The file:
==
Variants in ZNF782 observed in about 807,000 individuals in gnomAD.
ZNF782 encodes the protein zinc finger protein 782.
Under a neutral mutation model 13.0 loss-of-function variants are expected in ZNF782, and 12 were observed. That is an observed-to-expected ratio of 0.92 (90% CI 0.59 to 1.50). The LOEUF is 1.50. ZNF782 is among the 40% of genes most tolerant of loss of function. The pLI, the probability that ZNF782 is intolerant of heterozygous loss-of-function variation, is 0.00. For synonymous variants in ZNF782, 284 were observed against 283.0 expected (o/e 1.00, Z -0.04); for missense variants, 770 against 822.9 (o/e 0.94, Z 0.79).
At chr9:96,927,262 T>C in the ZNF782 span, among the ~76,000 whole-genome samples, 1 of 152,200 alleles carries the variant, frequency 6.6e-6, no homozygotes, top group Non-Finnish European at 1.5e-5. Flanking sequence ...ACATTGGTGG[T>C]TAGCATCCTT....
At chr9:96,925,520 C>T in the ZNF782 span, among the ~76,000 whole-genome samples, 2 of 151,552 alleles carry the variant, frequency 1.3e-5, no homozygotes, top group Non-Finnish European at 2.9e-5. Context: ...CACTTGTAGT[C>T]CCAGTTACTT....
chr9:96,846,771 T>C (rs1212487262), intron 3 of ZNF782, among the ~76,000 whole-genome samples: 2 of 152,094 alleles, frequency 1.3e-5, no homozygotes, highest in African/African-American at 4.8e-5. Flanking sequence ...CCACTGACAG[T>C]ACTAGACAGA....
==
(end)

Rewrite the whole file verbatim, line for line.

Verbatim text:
Variants in ZNF782 observed in about 807,000 individuals in gnomAD.
ZNF782 encodes the protein zinc finger protein 782.
Under a neutral mutation model 13.0 loss-of-function variants are expected in ZNF782, and 12 were observed. That is an observed-to-expected ratio of 0.92 (90% CI 0.59 to 1.50). The LOEUF is 1.50. ZNF782 is among the 40% of genes most tolerant of loss of function. The pLI, the probability that ZNF782 is intolerant of heterozygous loss-of-function variation, is 0.00. For synonymous variants in ZNF782, 284 were observed against 283.0 expected (o/e 1.00, Z -0.04); for missense variants, 770 against 822.9 (o/e 0.94, Z 0.79).
At chr9:96,927,262 T>C in the ZNF782 span, among the ~76,000 whole-genome samples, 1 of 152,200 alleles carries the variant, frequency 6.6e-6, no homozygotes, top group Non-Finnish European at 1.5e-5. Flanking sequence ...ACATTGGTGG[T>C]TAGCATCCTT....
At chr9:96,925,520 C>T in the ZNF782 span, among the ~76,000 whole-genome samples, 2 of 151,552 alleles carry the variant, frequency 1.3e-5, no homozygotes, top group Non-Finnish European at 2.9e-5. Context: ...CACTTGTAGT[C>T]CCAGTTACTT....
chr9:96,846,771 T>C (rs1212487262), intron 3 of ZNF782, among the ~76,000 whole-genome samples: 2 of 152,094 alleles, frequency 1.3e-5, no homozygotes, highest in African/African-American at 4.8e-5. Flanking sequence ...CCACTGACAG[T>C]ACTAGACAGA....